By: Vivek Kaul ||
In my extended-family when a kid grows up, the parents push him towards getting an engineering degree. If I may generalise a little more this is largely true for the Kashmiri Pandit community my parents belong to. Once a youngster gets into an engineering course, all is forgiven and it is automatically assumed that the future will now be bright. And this may have been largely true for the nineties and the noughties, when India’s information technology companies were taking off. But now we are in the teens and the story has changed. Why? The “indifference principle” is at work. As Steven E. Landsburg writes in The Armchair Economist: “Unless you’re unusual in some way, nothing can ever make you happier than the next best alternative.” Landsburg explains the indifference principle through an example. As he writes: “Would you rather spend a bright summer day at the shopping mall or the…Fair…If the Fair is more fun than the mall, people flock to the Fair, building up the crowd size until it’s not more fun than the mall.” So, the Fair doesn’t remain fun anymore because way too many people turn up. Something similar has happened to the engineering degree in India. The country is producing way too many engineers. As analyst Akhilesh Tilotia of Kotak Institutional Equities writes in a recent research note titled How many graduates are required to change a light bulb?: “Engineering graduate output of Indian universities stood at 15 lakh a year in FY2015 [the period between April 1, 2014 and March 31, 2015], up from 3 lakh in FY2005 [the period between April 1, 2004 and March 31, 2005].” Hence, over the last decade, the number of engineers being produced has gone up five times. In fact Tilotia in his book The Making of India writes: “India in 2016 will graduate more engineers annually (1.5 million) than China (1.1 million) and the United States (0.1 million) combined.” One impact of so many engineers being produced is that it has “reduced the importance of ‘capitation fees'”.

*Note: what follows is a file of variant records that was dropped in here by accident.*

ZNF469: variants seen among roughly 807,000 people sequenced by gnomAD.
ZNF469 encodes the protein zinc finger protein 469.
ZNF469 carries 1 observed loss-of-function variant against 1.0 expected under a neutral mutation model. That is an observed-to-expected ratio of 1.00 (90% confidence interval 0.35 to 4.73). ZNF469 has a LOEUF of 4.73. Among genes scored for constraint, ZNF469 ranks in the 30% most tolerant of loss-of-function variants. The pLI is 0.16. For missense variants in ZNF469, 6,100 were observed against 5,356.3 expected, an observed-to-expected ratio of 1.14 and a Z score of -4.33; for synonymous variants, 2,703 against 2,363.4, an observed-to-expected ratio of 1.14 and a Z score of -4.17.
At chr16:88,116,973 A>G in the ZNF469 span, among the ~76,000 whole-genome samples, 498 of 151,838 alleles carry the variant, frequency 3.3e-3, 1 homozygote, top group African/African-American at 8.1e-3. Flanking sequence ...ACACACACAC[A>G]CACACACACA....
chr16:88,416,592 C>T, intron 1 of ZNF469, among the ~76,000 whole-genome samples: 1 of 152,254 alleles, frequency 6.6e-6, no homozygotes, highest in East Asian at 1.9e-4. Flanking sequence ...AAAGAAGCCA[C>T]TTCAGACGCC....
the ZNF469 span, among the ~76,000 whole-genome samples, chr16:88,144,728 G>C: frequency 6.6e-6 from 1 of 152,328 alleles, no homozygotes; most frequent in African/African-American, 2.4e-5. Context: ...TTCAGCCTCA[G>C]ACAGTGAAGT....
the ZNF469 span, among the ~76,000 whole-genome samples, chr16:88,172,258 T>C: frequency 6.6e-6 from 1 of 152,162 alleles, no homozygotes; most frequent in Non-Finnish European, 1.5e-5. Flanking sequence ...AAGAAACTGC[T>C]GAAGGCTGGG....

Nevertheless, the trouble is that the employment opportunities for engineers haven’t gone up at the same speed. Information technology companies which were taking in a bulk of the country’s engineering graduates, aren’t recruiting at the same pace as they were in the past. As Tilotia points out: “net hiring in the IT sector has remained stagnant at 2.5 lakh [per year] over the past five years until FY2015”. In fact, if we leave out the individuals recruited by the BPO sector from these numbers, the number of employees recruited by the information technology companies in the financial year ending as on March 31, 2015, stood at 2.09 lakh. The number of engineers produced, as mentioned earlier, stood at 15 lakh. Hence, there is a clear disconnect between supply and demand. The engineering dream to prosperity has clearly broken down. The fascination of Indian parents for pushing their children towards getting an engineering degree has been built on hearing too many “success stories” of Indian engineers working in information technology companies in the United States on dollar salaries and other parts of the world. Even those Indian engineers who have settled in the country and started working for the information technology companies in the nineties and up to the mid noughties, have done well for themselves. And these success stories have had a lot of impact on the thinking of parents. The trouble is that the story has changed. As Tilotia writes: “IT companies have publicly stated that they are looking to automate meaningful parts of service offerings…Automation of workflow can significantly impact the prospects of entry-level joinees – their work is more susceptible to being automated.” Nevertheless, stories take a long time to unravel. To conclude, as Landsburg writes: “In order for one activity to make you happier than another, you must be unusual in some way.” Hence, dear parents, the engineering bubble has burst. And as far as children go— please let them be! – Vivek Kaul is the author of the Easy Money trilogy. He tweets @kaul_vivek – Courtesy